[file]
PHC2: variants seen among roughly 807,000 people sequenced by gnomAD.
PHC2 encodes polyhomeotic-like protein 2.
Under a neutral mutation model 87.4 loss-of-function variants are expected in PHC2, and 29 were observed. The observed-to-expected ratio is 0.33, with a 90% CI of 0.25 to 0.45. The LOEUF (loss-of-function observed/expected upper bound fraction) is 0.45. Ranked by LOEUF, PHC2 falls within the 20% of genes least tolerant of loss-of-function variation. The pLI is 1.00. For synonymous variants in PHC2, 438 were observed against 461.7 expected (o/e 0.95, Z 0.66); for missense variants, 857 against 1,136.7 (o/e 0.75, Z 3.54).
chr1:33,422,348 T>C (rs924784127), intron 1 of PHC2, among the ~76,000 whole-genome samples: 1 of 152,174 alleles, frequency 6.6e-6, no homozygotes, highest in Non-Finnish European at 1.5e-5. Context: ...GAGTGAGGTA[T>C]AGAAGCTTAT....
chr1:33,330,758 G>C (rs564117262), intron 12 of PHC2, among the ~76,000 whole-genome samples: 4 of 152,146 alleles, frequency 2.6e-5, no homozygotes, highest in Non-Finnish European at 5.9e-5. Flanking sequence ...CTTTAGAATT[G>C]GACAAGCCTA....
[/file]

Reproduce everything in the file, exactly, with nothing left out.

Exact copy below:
PHC2: variants seen among roughly 807,000 people sequenced by gnomAD.
PHC2 encodes polyhomeotic-like protein 2.
Under a neutral mutation model 87.4 loss-of-function variants are expected in PHC2, and 29 were observed. The observed-to-expected ratio is 0.33, with a 90% CI of 0.25 to 0.45. The LOEUF (loss-of-function observed/expected upper bound fraction) is 0.45. Ranked by LOEUF, PHC2 falls within the 20% of genes least tolerant of loss-of-function variation. The pLI is 1.00. For synonymous variants in PHC2, 438 were observed against 461.7 expected (o/e 0.95, Z 0.66); for missense variants, 857 against 1,136.7 (o/e 0.75, Z 3.54).
chr1:33,422,348 T>C (rs924784127), intron 1 of PHC2, among the ~76,000 whole-genome samples: 1 of 152,174 alleles, frequency 6.6e-6, no homozygotes, highest in Non-Finnish European at 1.5e-5. Context: ...GAGTGAGGTA[T>C]AGAAGCTTAT....
chr1:33,330,758 G>C (rs564117262), intron 12 of PHC2, among the ~76,000 whole-genome samples: 4 of 152,146 alleles, frequency 2.6e-5, no homozygotes, highest in Non-Finnish European at 5.9e-5. Flanking sequence ...CTTTAGAATT[G>C]GACAAGCCTA....